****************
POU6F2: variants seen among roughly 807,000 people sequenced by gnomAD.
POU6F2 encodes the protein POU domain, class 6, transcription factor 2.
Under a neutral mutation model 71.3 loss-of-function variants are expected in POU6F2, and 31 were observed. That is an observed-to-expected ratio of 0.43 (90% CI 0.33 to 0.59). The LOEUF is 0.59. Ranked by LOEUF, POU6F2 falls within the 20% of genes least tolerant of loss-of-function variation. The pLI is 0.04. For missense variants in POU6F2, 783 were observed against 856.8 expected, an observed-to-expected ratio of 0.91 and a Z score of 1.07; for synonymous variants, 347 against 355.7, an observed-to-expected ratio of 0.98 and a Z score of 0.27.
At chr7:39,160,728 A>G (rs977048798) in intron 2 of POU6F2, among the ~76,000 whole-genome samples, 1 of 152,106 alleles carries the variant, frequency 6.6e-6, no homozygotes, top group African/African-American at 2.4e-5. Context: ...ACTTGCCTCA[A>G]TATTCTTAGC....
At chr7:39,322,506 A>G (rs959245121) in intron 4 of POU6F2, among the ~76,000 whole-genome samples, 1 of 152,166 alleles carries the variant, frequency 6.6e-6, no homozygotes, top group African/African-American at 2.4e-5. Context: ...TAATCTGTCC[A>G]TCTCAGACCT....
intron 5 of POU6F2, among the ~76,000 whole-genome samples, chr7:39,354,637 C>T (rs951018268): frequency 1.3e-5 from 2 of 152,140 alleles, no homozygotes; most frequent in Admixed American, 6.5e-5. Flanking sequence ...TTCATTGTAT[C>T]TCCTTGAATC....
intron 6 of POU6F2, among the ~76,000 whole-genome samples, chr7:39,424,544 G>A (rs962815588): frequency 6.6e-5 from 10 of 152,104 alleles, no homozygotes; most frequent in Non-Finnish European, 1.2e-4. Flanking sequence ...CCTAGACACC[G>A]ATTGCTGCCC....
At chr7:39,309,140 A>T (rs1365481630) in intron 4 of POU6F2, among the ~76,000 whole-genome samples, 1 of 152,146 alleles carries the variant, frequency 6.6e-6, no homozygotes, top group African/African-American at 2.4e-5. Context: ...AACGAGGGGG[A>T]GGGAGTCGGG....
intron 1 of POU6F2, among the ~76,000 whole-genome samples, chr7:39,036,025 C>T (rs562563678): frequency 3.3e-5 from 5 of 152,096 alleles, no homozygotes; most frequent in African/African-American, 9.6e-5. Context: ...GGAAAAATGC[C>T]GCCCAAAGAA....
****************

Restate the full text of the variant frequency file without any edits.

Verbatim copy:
POU6F2: variants seen among roughly 807,000 people sequenced by gnomAD.
POU6F2 encodes the protein POU domain, class 6, transcription factor 2.
Under a neutral mutation model 71.3 loss-of-function variants are expected in POU6F2, and 31 were observed. That is an observed-to-expected ratio of 0.43 (90% CI 0.33 to 0.59). The LOEUF is 0.59. Ranked by LOEUF, POU6F2 falls within the 20% of genes least tolerant of loss-of-function variation. The pLI is 0.04. For missense variants in POU6F2, 783 were observed against 856.8 expected, an observed-to-expected ratio of 0.91 and a Z score of 1.07; for synonymous variants, 347 against 355.7, an observed-to-expected ratio of 0.98 and a Z score of 0.27.
At chr7:39,160,728 A>G (rs977048798) in intron 2 of POU6F2, among the ~76,000 whole-genome samples, 1 of 152,106 alleles carries the variant, frequency 6.6e-6, no homozygotes, top group African/African-American at 2.4e-5. Context: ...ACTTGCCTCA[A>G]TATTCTTAGC....
At chr7:39,322,506 A>G (rs959245121) in intron 4 of POU6F2, among the ~76,000 whole-genome samples, 1 of 152,166 alleles carries the variant, frequency 6.6e-6, no homozygotes, top group African/African-American at 2.4e-5. Context: ...TAATCTGTCC[A>G]TCTCAGACCT....
intron 5 of POU6F2, among the ~76,000 whole-genome samples, chr7:39,354,637 C>T (rs951018268): frequency 1.3e-5 from 2 of 152,140 alleles, no homozygotes; most frequent in Admixed American, 6.5e-5. Flanking sequence ...TTCATTGTAT[C>T]TCCTTGAATC....
intron 6 of POU6F2, among the ~76,000 whole-genome samples, chr7:39,424,544 G>A (rs962815588): frequency 6.6e-5 from 10 of 152,104 alleles, no homozygotes; most frequent in Non-Finnish European, 1.2e-4. Flanking sequence ...CCTAGACACC[G>A]ATTGCTGCCC....
At chr7:39,309,140 A>T (rs1365481630) in intron 4 of POU6F2, among the ~76,000 whole-genome samples, 1 of 152,146 alleles carries the variant, frequency 6.6e-6, no homozygotes, top group African/African-American at 2.4e-5. Context: ...AACGAGGGGG[A>T]GGGAGTCGGG....
intron 1 of POU6F2, among the ~76,000 whole-genome samples, chr7:39,036,025 C>T (rs562563678): frequency 3.3e-5 from 5 of 152,096 alleles, no homozygotes; most frequent in African/African-American, 9.6e-5. Context: ...GGAAAAATGC[C>T]GCCCAAAGAA....